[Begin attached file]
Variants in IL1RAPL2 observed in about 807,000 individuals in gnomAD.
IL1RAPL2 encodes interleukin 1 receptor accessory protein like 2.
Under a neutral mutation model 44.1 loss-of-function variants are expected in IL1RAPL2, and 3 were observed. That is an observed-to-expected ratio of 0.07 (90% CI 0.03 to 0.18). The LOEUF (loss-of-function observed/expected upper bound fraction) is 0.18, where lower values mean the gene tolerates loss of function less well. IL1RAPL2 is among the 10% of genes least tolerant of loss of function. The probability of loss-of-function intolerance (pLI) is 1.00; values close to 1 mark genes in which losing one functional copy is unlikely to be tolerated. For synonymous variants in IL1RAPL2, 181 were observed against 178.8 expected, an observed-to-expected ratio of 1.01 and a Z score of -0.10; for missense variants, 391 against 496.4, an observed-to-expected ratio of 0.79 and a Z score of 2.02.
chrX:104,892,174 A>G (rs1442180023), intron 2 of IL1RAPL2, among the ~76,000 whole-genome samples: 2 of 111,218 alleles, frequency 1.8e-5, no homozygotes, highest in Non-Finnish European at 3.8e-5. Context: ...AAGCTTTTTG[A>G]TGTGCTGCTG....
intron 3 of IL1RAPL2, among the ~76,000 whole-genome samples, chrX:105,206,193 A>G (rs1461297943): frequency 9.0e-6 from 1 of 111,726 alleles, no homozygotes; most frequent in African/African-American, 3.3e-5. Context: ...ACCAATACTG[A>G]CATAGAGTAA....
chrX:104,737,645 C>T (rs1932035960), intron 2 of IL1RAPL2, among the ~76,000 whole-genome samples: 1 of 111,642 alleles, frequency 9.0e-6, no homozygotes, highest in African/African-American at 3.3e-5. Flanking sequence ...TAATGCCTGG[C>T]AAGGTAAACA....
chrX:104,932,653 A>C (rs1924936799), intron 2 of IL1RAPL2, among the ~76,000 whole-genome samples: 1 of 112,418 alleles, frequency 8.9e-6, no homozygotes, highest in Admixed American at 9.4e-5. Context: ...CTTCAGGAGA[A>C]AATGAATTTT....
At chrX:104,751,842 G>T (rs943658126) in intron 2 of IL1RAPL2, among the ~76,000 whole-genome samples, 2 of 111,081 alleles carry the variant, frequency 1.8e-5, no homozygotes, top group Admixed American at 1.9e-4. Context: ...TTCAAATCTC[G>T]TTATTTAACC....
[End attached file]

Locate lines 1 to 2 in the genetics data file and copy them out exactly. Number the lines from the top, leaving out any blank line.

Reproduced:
Variants in IL1RAPL2 observed in about 807,000 individuals in gnomAD.
IL1RAPL2 encodes interleukin 1 receptor accessory protein like 2.